I dragged myself awake on New Year's Day to find Hubby already awake beside me.
"We've missed breakfast," he said, blowing his nose. If possible, he looked even worse today. Had I looked that bad when I was in the throes of illness? Egad . . . . .
"What time is it?" I asked.
"After ten. Are you hungry? You haven't eaten much in the past two days."
I took stock. "Nope. Not hungry. You?"
"No, but juice would be nice."
I got out of bed and padded over to the desk, where we had shoved a bottle of juice into an ice bucket the night before. It was still moderately cool and so I poured a glass each for Hubby and myself. "Here," I said, handing him his glass. "You'd better take your cold medicine, too."
"There's hardly any left."
"What?" I picked up the bottle of cough and cold syrup from the nightstand and shook it. It was almost empty. "Did you have friends in last night?"
"I needed it. I was sick."
"You're supposed to take two tablespoons at a time, not half the bottle. We've still got the pills, so take those and I'll get you some more syrup when I go out."
"Out? Where are you going? Aren't you still sick?"
"If we were at home I'd be in bed, moaning and calling for a doctor. But as I'm in Bath, I'm going to the Fashion Museum."
"You're nuts. Stay in bed."
"Don't tempt me."
On my way out, I met the owners of Duke's Hotel, Chris and Carol Cameron. Neither had been in the hospitality business before, but had just weeks ago purchased the hotel and moved to Bath with their two daughters. They are the epitome of good innkeepers - helpful, warm, welcoming and full of concern for myself and Hubby. Upon hearing that Hubby was now down with the cholera, both assured me that we need only to ask for anything and they would provide it, no matter what time of day or night.
Thus assured, I went out the door and into the sunlight. Yes, it was mildly sunny, a nice change from grey skies and pouring rain. You'll see that I was feeling a bit better by the fact that I actually took photos. Here's one of Great Pulteney Street.
I even took an interest in the service areas, a particular favourite of mine. The area above had its very own mailbox and a cupboard - maybe for deliveries?
Looking down the next side street, I saw the sun shining over a green field. It was such a welcome sight that I took a picture for posterity.
Before long, I came to this set of stairs.
I'm sorry now that I didn't take them down to the River, but at the time I simply wasn't up to the task. I continued over the Bridge and into town, where it became obvious that nothing, and I mean nothing, would be open today, it being New Year's Day. I had done my homework and so knew that the Fashion Museum was open, but I hadn't counted on the rest of the City being shut up tight. I walked to Boot's Pharmacy (closed) and finally found a sort of discount store a few shops up that sold a little bit of everything. In their pharmacy section, I found something called Bells Cough Linctus, "For relief of colds, sore throats, irritating and chesty coughs."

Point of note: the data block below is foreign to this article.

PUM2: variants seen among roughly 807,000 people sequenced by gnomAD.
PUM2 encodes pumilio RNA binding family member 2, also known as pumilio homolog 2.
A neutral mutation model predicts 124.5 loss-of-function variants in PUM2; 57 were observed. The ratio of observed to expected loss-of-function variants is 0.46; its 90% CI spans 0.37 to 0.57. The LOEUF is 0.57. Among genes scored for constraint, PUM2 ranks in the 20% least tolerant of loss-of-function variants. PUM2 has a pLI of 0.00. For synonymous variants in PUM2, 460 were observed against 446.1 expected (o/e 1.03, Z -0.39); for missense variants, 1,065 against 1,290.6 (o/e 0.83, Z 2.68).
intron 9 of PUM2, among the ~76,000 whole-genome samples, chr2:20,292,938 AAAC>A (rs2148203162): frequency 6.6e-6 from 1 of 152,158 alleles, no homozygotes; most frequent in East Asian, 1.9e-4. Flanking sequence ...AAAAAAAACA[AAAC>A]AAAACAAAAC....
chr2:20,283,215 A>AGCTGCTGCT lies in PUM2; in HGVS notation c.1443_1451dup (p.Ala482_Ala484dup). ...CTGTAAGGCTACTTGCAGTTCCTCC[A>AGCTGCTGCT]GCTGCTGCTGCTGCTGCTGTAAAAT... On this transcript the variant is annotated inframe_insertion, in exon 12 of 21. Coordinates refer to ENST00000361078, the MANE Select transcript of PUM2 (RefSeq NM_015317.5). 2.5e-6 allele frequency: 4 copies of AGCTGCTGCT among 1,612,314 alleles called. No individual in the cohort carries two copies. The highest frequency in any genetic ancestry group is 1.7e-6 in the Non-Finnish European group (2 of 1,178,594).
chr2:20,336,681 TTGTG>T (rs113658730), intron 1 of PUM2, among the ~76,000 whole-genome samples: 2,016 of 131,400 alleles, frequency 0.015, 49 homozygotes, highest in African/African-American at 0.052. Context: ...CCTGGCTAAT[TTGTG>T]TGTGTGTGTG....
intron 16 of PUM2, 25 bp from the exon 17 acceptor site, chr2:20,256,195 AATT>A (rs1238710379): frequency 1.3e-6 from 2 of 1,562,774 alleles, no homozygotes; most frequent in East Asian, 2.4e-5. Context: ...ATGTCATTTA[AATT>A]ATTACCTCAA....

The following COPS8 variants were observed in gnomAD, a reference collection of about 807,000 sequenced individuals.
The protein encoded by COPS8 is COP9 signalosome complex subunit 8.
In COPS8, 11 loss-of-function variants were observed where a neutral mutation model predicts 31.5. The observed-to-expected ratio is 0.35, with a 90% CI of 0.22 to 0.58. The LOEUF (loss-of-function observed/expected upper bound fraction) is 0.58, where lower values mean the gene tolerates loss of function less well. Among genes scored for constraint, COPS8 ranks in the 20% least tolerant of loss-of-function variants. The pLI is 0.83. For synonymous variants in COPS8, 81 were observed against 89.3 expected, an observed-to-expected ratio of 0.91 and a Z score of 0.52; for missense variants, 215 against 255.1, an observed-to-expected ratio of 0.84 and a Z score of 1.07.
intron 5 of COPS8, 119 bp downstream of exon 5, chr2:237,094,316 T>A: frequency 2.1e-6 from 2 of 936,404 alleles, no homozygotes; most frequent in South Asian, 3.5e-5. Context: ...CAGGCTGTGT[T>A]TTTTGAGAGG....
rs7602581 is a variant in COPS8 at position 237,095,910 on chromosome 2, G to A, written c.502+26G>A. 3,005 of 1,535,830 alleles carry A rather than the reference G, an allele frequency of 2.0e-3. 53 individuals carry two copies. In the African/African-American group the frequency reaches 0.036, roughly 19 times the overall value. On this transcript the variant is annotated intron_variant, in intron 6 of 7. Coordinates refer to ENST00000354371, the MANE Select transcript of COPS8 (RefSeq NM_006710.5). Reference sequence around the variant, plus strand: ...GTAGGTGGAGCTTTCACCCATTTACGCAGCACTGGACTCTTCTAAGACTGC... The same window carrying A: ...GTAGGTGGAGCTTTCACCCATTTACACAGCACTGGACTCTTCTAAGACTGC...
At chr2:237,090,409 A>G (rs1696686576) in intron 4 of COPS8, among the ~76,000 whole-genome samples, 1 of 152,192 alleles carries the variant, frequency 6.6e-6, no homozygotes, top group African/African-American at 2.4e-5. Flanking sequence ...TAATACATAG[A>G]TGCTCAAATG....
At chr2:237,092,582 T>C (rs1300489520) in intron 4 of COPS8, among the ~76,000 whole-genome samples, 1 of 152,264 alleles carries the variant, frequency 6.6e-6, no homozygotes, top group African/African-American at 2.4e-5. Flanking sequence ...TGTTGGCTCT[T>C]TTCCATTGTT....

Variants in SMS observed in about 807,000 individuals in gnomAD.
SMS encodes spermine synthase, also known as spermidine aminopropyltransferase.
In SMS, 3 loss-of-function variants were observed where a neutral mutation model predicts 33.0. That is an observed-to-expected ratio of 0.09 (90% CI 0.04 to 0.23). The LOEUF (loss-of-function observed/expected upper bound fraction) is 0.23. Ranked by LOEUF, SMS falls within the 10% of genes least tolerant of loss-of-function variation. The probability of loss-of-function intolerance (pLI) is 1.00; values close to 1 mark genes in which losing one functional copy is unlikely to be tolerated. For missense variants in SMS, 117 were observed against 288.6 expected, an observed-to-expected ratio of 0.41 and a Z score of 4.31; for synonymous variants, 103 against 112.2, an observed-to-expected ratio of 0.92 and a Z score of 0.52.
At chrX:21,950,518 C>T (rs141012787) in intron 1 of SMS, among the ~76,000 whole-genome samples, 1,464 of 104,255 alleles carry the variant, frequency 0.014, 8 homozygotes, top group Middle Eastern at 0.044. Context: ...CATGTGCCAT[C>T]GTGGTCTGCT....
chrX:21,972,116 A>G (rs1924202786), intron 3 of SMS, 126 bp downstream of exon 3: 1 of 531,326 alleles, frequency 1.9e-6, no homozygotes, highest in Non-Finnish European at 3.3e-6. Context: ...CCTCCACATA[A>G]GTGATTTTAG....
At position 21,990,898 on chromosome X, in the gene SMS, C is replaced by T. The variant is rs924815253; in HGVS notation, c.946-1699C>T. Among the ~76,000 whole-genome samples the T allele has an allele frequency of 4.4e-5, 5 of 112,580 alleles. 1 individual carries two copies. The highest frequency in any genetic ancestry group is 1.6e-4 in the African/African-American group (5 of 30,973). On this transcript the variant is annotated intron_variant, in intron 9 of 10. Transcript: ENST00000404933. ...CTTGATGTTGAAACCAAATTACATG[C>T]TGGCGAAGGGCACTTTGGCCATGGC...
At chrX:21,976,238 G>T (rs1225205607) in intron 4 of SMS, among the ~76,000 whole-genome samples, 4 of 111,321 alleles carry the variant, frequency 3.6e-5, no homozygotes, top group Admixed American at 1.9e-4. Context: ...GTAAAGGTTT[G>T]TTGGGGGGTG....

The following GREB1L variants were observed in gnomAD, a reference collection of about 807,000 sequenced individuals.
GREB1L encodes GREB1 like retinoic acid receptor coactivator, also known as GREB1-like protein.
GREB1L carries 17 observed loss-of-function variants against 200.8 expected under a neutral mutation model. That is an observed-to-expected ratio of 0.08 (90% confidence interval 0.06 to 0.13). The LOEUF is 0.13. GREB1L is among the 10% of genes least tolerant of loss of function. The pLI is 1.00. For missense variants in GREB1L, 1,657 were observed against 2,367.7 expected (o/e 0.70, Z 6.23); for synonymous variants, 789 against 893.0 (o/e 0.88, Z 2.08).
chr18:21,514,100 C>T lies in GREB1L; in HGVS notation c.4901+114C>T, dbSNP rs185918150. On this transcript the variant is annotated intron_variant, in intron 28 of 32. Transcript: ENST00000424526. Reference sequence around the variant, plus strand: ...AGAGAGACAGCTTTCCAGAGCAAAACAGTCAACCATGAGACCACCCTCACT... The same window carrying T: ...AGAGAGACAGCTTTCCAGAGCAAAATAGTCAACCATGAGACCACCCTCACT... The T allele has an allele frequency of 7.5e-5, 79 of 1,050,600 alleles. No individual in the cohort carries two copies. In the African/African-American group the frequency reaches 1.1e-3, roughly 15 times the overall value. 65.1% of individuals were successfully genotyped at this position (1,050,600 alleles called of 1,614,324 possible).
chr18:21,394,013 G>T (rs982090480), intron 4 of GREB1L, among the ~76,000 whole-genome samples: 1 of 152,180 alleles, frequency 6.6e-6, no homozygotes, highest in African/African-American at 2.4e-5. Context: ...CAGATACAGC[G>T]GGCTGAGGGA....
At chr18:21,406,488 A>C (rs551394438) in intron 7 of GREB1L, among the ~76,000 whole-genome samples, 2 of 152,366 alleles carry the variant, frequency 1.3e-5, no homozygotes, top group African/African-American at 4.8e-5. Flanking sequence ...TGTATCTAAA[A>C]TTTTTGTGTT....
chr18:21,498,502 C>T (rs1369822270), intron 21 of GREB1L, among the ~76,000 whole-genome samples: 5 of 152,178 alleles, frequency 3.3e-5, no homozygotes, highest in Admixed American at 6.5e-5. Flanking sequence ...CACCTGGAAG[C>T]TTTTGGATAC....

I handed it across to the girl at the register. "Is this stuff any good? I asked.
She peered at the label. "Don't know, but I can't see it doing any harm."
With that ringing endorsement, I paid for the medicine and shoved it into my bag. It was only after we returned home that I went online to investigate it's contents further. This is what I found - do try not to laugh when you bear in mind that I fed this muck to Hubby: Ammonium chloride (a white crystalline salt found on burning coal clumps due to condensation of coal derived gases), sodium citrate (sometimes used as an emulsifier for oils when making cheese), menthol, extract of horehound (popular as a cough and cold remedy; used by the ancient Egyptians as well as modern health providers. As an expectorant, it will promote mucus and ease the pain of a dry, non-productive or hacking cough. Horehound treats painful, chesty, non-productive coughs, colds, croup, asthma, bronchitis, sinusitis, earaches, glandular problems and infectious diseases. Horehound is a well known lung and throat remedy), tolu tincture (The resin is still used in certain cough syrup formulas. However its main use in the modern era is in perfumes, where it is valued for its warm, mellow yet somewhat spicy scent), squill tincture (In ancient Greece, Egypt and Arabia physicians used the squill bulb as the base of an expectorant, diuretic and remedy for cough. They were also aware of the fact that extra consumption of the chemicals contained in the squill bulb was harmful and led to rigorous vomiting), extract of tussilago (commonly known as coltsfoot, coltsfoot has been used for thousands of years as an herbal remedy in ancient Chinese medicine. It was primarily used as a cough suppressant. One recipe for a cough syrup involved mixing coltsfoot with brown sugar and water and boiling until it was half the original volume. A spoonful was consumed three or four times a day for two or three days to treat colds and headaches. To relieve other respiratory ailments such as shortness of breath, asthma and bronchitis, old folk recipes called for inhaling the vapors of fresh or dried coltsfoot leaves or flowers boiled in water).
Oblivious to my connection to Dr. Crippen, I headed uphill to the Fashion Museum and the day went downhill from there.
Part Two Coming Soon!
Labels: A Couple in England